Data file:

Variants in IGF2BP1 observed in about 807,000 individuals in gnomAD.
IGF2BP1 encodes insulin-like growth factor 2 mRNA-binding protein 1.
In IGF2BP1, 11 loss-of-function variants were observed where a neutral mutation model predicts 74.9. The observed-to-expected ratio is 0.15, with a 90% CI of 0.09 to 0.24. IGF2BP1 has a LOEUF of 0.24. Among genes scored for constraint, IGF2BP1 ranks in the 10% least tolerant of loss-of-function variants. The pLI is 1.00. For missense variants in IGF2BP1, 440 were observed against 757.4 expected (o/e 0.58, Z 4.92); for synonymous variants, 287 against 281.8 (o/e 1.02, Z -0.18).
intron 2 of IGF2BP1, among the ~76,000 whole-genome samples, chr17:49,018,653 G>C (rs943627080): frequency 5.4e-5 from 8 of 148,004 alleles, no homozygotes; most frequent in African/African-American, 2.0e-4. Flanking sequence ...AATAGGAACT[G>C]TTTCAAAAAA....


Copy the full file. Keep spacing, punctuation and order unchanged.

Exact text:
Variants in IGF2BP1 observed in about 807,000 individuals in gnomAD.
IGF2BP1 encodes insulin-like growth factor 2 mRNA-binding protein 1.
In IGF2BP1, 11 loss-of-function variants were observed where a neutral mutation model predicts 74.9. The observed-to-expected ratio is 0.15, with a 90% CI of 0.09 to 0.24. IGF2BP1 has a LOEUF of 0.24. Among genes scored for constraint, IGF2BP1 ranks in the 10% least tolerant of loss-of-function variants. The pLI is 1.00. For missense variants in IGF2BP1, 440 were observed against 757.4 expected (o/e 0.58, Z 4.92); for synonymous variants, 287 against 281.8 (o/e 1.02, Z -0.18).
intron 2 of IGF2BP1, among the ~76,000 whole-genome samples, chr17:49,018,653 G>C (rs943627080): frequency 5.4e-5 from 8 of 148,004 alleles, no homozygotes; most frequent in African/African-American, 2.0e-4. Flanking sequence ...AATAGGAACT[G>C]TTTCAAAAAA....